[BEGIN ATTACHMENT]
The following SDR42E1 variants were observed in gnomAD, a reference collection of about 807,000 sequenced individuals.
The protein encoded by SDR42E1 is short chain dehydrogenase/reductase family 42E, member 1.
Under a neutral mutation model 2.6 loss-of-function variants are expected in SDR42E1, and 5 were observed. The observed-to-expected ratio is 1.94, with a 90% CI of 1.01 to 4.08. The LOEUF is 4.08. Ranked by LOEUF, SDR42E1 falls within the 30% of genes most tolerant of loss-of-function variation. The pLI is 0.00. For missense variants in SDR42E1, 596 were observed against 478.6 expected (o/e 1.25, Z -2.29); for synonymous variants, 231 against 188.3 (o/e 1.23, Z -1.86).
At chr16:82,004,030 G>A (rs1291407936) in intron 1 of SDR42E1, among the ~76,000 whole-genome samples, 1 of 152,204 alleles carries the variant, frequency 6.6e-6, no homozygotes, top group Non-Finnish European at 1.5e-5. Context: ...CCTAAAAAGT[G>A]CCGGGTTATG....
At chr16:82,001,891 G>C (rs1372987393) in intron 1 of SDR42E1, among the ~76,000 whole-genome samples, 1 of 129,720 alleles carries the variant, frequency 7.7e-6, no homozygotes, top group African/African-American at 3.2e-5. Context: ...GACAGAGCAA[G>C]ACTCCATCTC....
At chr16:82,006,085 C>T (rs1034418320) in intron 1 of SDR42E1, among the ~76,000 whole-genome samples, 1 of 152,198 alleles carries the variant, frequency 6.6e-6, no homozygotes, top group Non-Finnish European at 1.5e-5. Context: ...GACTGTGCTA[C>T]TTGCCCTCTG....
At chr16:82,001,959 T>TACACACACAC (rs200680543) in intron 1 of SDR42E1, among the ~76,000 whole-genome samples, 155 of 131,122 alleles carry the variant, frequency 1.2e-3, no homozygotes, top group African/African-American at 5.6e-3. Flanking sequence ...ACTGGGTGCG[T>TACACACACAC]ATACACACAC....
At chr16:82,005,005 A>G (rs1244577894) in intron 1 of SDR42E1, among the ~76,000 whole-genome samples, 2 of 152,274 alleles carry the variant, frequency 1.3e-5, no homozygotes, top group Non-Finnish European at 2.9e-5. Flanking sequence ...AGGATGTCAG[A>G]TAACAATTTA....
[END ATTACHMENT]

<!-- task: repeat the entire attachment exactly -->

The following SDR42E1 variants were observed in gnomAD, a reference collection of about 807,000 sequenced individuals.
The protein encoded by SDR42E1 is short chain dehydrogenase/reductase family 42E, member 1.
Under a neutral mutation model 2.6 loss-of-function variants are expected in SDR42E1, and 5 were observed. The observed-to-expected ratio is 1.94, with a 90% CI of 1.01 to 4.08. The LOEUF is 4.08. Ranked by LOEUF, SDR42E1 falls within the 30% of genes most tolerant of loss-of-function variation. The pLI is 0.00. For missense variants in SDR42E1, 596 were observed against 478.6 expected (o/e 1.25, Z -2.29); for synonymous variants, 231 against 188.3 (o/e 1.23, Z -1.86).
At chr16:82,004,030 G>A (rs1291407936) in intron 1 of SDR42E1, among the ~76,000 whole-genome samples, 1 of 152,204 alleles carries the variant, frequency 6.6e-6, no homozygotes, top group Non-Finnish European at 1.5e-5. Context: ...CCTAAAAAGT[G>A]CCGGGTTATG....
At chr16:82,001,891 G>C (rs1372987393) in intron 1 of SDR42E1, among the ~76,000 whole-genome samples, 1 of 129,720 alleles carries the variant, frequency 7.7e-6, no homozygotes, top group African/African-American at 3.2e-5. Context: ...GACAGAGCAA[G>C]ACTCCATCTC....
At chr16:82,006,085 C>T (rs1034418320) in intron 1 of SDR42E1, among the ~76,000 whole-genome samples, 1 of 152,198 alleles carries the variant, frequency 6.6e-6, no homozygotes, top group Non-Finnish European at 1.5e-5. Context: ...GACTGTGCTA[C>T]TTGCCCTCTG....
At chr16:82,001,959 T>TACACACACAC (rs200680543) in intron 1 of SDR42E1, among the ~76,000 whole-genome samples, 155 of 131,122 alleles carry the variant, frequency 1.2e-3, no homozygotes, top group African/African-American at 5.6e-3. Flanking sequence ...ACTGGGTGCG[T>TACACACACAC]ATACACACAC....
At chr16:82,005,005 A>G (rs1244577894) in intron 1 of SDR42E1, among the ~76,000 whole-genome samples, 2 of 152,274 alleles carry the variant, frequency 1.3e-5, no homozygotes, top group Non-Finnish European at 2.9e-5. Flanking sequence ...AGGATGTCAG[A>G]TAACAATTTA....